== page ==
area more attractive to a "better mix" of retailers, via enhanced
streetscaping and off-street parking, a prospect that concerns
some, who fear that it could raise rents, driving out the smaller
businesses such as Rajun Cajun, a creole/Indian eatery that caters
to local tastes and budgets, in favor of cookie-cutter national
not worried about commercialization," says broadcaster Ferguson,
"but I want it to reflect the values of the community and not
be imposed. No one wants Borders Books to come in here and threaten
the Seminary Co-op bookstores. But I think we can handle both,
we can have planned retail growth without endangering our uniqueness."
Jo Reizner, director of real estate for the University, echoes
her sentiments. She admits that "Most Hyde Parkers do want
more retail outlets, more places to shop," quickly adding, "but
not all that much more."
welcomed, however, is the influx of new and varied restaurants.
Eating out in the 1970s meant choosing between Thai cuisine and
the Valois, Gallic for "see your food." Now three local restaurants
rate stars in either the Chicago Tribune or Chicago
magazine: southern cooking at the Dixie Kitchen, Caribbean cuisine
at Calypso, and at long last French, La Petite Folie, which has
become the leading local spot for faculty recruitment dinners.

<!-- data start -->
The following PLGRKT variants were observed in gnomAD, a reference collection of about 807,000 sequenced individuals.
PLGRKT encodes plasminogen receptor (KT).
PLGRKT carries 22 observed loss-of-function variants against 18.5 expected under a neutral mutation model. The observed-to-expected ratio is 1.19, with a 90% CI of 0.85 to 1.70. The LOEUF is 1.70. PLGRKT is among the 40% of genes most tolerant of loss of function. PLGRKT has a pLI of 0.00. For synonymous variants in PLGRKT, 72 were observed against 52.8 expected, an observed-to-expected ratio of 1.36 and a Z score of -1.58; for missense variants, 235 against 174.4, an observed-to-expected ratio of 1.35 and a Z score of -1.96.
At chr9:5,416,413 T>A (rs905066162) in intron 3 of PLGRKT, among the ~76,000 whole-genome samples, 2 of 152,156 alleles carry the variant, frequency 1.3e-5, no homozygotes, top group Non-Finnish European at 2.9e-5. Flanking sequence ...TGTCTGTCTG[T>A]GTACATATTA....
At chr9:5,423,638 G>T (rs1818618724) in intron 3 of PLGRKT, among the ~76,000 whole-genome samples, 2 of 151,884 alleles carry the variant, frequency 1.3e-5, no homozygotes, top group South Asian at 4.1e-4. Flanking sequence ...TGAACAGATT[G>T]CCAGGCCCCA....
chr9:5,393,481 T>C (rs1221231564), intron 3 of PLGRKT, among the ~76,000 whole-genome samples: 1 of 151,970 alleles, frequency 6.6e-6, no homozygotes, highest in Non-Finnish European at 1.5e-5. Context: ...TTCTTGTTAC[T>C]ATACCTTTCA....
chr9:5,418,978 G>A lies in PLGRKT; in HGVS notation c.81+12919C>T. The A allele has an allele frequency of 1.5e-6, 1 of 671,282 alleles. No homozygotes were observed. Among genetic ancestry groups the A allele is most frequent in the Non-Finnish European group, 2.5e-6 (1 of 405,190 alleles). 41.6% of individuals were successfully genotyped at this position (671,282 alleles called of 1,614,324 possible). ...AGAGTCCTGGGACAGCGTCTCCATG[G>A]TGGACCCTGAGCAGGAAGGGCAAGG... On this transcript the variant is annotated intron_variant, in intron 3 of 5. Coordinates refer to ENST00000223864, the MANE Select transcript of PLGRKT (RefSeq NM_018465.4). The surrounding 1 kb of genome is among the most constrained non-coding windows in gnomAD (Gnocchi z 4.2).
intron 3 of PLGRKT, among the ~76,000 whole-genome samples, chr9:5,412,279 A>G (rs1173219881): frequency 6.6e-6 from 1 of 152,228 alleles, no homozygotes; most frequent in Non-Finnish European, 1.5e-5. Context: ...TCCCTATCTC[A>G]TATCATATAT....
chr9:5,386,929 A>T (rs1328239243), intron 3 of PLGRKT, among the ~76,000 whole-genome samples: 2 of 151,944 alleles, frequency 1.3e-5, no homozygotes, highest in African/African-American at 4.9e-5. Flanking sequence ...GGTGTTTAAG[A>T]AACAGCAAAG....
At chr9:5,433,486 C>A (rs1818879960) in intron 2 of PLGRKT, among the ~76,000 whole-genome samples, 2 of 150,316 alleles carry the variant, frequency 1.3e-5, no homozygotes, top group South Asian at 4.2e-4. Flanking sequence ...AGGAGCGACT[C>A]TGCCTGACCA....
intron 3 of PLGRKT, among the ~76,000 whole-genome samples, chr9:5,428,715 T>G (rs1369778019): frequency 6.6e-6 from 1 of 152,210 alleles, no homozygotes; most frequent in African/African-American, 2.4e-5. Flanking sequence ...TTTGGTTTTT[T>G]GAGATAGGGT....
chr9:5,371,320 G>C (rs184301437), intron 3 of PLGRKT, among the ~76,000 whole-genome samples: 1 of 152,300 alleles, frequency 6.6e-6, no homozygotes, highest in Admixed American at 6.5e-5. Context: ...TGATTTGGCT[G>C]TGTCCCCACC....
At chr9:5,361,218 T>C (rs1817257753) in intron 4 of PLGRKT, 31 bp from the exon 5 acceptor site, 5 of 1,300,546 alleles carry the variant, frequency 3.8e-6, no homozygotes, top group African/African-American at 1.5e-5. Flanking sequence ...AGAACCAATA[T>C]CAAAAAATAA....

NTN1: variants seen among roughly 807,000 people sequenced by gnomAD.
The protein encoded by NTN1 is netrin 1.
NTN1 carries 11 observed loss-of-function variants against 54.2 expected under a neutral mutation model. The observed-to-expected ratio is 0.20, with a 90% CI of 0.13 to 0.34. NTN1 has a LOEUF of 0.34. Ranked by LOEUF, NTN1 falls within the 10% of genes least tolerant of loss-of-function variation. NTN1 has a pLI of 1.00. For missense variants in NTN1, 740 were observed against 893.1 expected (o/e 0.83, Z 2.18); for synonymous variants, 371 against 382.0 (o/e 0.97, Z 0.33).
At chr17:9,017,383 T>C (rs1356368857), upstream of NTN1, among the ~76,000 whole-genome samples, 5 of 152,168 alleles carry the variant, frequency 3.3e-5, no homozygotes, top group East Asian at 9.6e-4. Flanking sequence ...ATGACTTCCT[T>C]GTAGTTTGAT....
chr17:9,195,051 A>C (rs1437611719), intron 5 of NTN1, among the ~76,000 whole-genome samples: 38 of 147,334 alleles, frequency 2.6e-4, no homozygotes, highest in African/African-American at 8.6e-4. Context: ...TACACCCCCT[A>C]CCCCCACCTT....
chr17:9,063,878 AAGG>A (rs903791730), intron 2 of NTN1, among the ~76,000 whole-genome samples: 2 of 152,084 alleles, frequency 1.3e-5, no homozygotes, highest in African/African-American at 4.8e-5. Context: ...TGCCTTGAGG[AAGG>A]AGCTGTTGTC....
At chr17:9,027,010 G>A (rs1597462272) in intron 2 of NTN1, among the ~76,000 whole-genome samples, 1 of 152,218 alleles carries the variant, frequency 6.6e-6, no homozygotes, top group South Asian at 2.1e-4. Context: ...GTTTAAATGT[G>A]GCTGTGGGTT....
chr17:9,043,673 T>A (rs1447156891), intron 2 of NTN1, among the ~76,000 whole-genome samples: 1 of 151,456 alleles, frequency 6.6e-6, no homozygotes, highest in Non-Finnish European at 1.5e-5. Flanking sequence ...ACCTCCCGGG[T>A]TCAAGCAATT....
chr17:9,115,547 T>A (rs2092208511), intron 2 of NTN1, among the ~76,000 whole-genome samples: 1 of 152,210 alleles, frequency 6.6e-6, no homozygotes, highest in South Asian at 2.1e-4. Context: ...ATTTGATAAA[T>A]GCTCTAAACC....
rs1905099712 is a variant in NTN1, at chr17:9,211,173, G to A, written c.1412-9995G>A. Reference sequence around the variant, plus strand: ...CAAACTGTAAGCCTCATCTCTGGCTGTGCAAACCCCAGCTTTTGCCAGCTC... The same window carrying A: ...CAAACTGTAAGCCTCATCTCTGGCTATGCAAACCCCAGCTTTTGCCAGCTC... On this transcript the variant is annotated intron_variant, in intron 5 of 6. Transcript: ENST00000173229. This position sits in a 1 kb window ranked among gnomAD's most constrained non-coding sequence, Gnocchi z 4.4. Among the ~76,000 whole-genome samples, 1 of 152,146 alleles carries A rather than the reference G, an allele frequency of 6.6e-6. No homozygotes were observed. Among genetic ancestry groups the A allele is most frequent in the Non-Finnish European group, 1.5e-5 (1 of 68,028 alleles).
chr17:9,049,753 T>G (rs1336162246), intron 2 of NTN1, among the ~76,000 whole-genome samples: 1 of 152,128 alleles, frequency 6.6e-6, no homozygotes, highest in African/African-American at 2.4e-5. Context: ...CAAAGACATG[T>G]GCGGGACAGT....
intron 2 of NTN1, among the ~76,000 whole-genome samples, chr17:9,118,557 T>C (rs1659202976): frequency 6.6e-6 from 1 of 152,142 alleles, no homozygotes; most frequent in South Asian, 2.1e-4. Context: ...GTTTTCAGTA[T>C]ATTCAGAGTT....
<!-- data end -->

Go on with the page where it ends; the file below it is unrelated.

housing, less crime, more services, "all these improvements add
up," says Webber. "You don't have huge progress every day or even
every week, but you chip away. Robie House opening as a full-time
museum: there's a big improvement. A lawn in front of the Museum
of Science and Industry rather than a sea of parking lots: that
are still problems, of course. Parking was bad and has gotten
worse, and as we add more students, it will be worse still until
a new garage opens," a 1,000-space facility on 55th Street between
Ellis and Greenwood Avenues this December.
we need more affordable houses with yards," Webber continues.
"I think Woodlawn and North Kenwood are our future there. But
on the whole, Hyde Park is a much, much better place than it was
20 or even 10 years ago. The University played a big role in that
and the fact that we're about to invest another $500 million in
new campus construction sends a powerful message. But lots of
people deserve lots of credit."
improvements, large and small, seen all over the neighborhood,
do add up. Accumulated over an afternoon tour, they seem to have
won over the poet's partner, Jeff Chase. Dyrud found him two places
he liked, a third-floor condominium on Everett, with two porches,
lake view--at least in leafless seasons, if you're over six-foot--and
a dining room painted "willow." He also liked East View Park;
elegant older structures, again near the lake, in a park-like
setting, and no dogs. "This place has a nice kind of quiet," he
tells her. "I like it."
she replies with genuine pleasure, heading back to the office.
"I just wanted to persuade you that you can find a place here.
I wanted to convince you that this is a lovely neighborhood."
am pleased to say," Chase responds with equal sincerity, "that
you have done that."